South African Class 34-400

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South African Class 34-400
SAR Class 34-400 34-401.JPG
No. 34-401 at Kaalfontein, Gauteng, 7 October 2009
Type and origin
Power typeDiesel-electric
DesignerGeneral Electric
BuilderSA GE-DL Locomotive Group
Serial number38623-38722
ModelGE U26C
Build date1973-1974
Total produced100
 • UICCo'Co'
 • CommonwealthCo+Co
Gauge3 ft 6 in (1,067 mm) Cape gauge
Wheel diameter915 mm (36.0 in)
Wheelbase13,004 mm (42 ft 8.0 in)
 • Bogie3,188 mm (10 ft 5.5 in)
Pivot centres10,058 mm (33 ft 0 in)
 • Over couplers17,982 mm (59 ft 0 in)
Width2,756 mm (9 ft 0.5 in)
Height3,962 mm (13 ft 0 in)
Axle load18,850 kg (41,560 lb)
Adhesive weight113,100 kg (249,300 lb)
Loco weight113,100 kg (249,300 lb) max
Fuel typeDiesel
Fuel capacity5,400 litres (1,200 imp gal) new
7,000 litres (1,500 imp gal) mod.
Prime moverGE 7FDL-12
RPM range450-1,050
 • RPM low idle450
 • RPM idle535
 • Maximum RPM1,050
Engine type4-stroke diesel
AspirationElliott H-581 turbocharger
Alternator10 pole 3 phase GE 5GT-A11C1
Traction motorsSix GE 5GE-761A13 DC 4 pole
 • Rating 1 hour665A
 • Continuous655A @ 24 km/h (15 mph)
Gear ratio92:19
MU working6 maximum
Loco brake28-LAV-1 with vigilance control
Train brakesWestinghouse 6CDX4UC compressor/exhauster
Air tank cap.825 litres (181 imp gal)
Compressor0.039 m3/s (1.4 cu ft/s)
Exhauster0.155 m3/s (5.5 cu ft/s)
CouplersAAR knuckle type E
Performance figures
Maximum speed100 km/h (62 mph)
Power output:
 • Starting2,050 kW (2,750 hp)
 • Continuous1,940 kW (2,600 hp)
Tractive effort:
 • Starting272 kN (61,000 lbf) @ 25% adhesion
 • Continuous218 kN (49,000 lbf) @ 26 km/h (16 mph)
Factor of adh.:
 • Starting25%
 • Continuous20%
Brakeforce60% ratio @ 345 kPa (50.0 psi)
Dynamic brake peak effort180 kN (40,000 lbf) @ 29 km/h (18 mph)
OperatorsSouth African Railways
Kenya Railways
Blue Circle
Transnet Freight Rail
ClassClass 34-400
Number in class100
Numbers34-401 to 34-500
First run1973

The South African Railways Class 34-400 of 1973 is a diesel-electric locomotive.

Between April 1973 and November 1974, the South African Railways placed one hundred Class 34-400 General Electric type U26C diesel-electric locomotives in service.[1]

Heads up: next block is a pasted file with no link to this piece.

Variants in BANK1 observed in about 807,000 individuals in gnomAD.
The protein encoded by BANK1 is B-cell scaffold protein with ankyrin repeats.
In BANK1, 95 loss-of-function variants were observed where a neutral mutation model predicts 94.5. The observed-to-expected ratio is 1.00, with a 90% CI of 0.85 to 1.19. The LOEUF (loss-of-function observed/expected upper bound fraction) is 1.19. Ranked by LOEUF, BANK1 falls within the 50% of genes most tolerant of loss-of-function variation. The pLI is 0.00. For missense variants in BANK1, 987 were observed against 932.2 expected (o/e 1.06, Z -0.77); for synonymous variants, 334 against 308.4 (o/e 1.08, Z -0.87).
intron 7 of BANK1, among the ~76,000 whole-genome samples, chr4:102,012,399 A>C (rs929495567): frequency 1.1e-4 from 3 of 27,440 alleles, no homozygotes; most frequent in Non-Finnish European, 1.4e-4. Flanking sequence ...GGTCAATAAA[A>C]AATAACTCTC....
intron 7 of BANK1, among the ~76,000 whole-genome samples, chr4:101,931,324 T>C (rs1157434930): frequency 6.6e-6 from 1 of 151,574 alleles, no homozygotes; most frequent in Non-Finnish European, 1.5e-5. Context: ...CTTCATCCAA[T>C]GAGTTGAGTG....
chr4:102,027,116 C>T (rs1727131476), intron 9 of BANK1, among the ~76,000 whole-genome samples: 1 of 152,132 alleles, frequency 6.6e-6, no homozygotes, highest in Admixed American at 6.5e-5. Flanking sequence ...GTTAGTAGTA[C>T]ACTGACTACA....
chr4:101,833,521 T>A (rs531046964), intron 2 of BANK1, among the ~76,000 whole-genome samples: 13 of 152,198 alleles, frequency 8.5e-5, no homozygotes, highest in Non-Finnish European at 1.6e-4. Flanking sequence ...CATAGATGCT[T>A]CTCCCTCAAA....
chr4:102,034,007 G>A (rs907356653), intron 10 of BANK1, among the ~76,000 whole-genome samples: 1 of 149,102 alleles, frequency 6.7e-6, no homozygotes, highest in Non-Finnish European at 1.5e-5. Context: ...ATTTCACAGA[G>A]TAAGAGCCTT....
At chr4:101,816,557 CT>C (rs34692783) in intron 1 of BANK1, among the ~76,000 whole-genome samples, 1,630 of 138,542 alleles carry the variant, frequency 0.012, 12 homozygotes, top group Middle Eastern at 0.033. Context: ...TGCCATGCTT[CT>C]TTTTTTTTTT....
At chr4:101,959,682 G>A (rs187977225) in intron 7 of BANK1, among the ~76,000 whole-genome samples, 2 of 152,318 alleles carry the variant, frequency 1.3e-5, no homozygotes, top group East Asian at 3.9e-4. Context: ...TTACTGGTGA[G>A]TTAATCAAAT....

The Class 34-400 type GE U26C diesel-electric locomotive was designed by General Electric (GE) and built for the South African Railways (SAR) by the South African General Electric-Dorman Long Locomotive Group (SA GE-DL, later Dorbyl). One hundred locomotives were delivered between April 1973 and November 1974, numbered in the range from 34-401 to 34-500.[1][2][3]

Distinguishing features[edit]

As built, the GE Classes 34-000, 34-400 and 34-900 locomotives were visually indistinguishable from each other. The Class 34-500 locomotives could be distinguished from the other series by the air conditioning units mounted on their cab roofs and initially, when it was still a feature unique to them, by their running board mounted handrails. At some stage during the mid-1980s, all Class 34-000, 34-400 and 34-500 locomotives had saddle filters installed across the long hood, mounted just to the rear of the screens behind the cab on the sides. Since then, Class 34-900 locomotives could be distinguished from the older models by the absence of the saddle filter.[4][5][6]


Fuel capacity[edit]

As built, the Class 34-400 had a 5,400 litres (1,200 imperial gallons) fuel tank and interlinked bogies, while the Class 34-500 was delivered new to Iscor with a 7,000 litres (1,500 imperial gallons) fuel tank to cope with the lack of en route refuelling points on the Sishen-Saldanha iron ore line. To facilitate the larger fuel tank, the inter-bogie linkage found on all other models had to be omitted on the Class 34-500.[7]

Standard 5,400 litre fuel tank
Enlarged 7,000 litre fuel tank

To be usable on the iron ore line, Class 34-400 units which ended up working there were modified to a similar fuel capacity. The inter-bogie linkage was removed and the fuel tank was enlarged by changing it from saddle-shaped to rectangular box-shaped. To maintain its lateral balance, a slab of metal was attached to each bogie in place of the removed linkage. In the second picture, the weld lines on the end of the enlarged fuel tank as well as the metal slab at the end of the bogie are visible.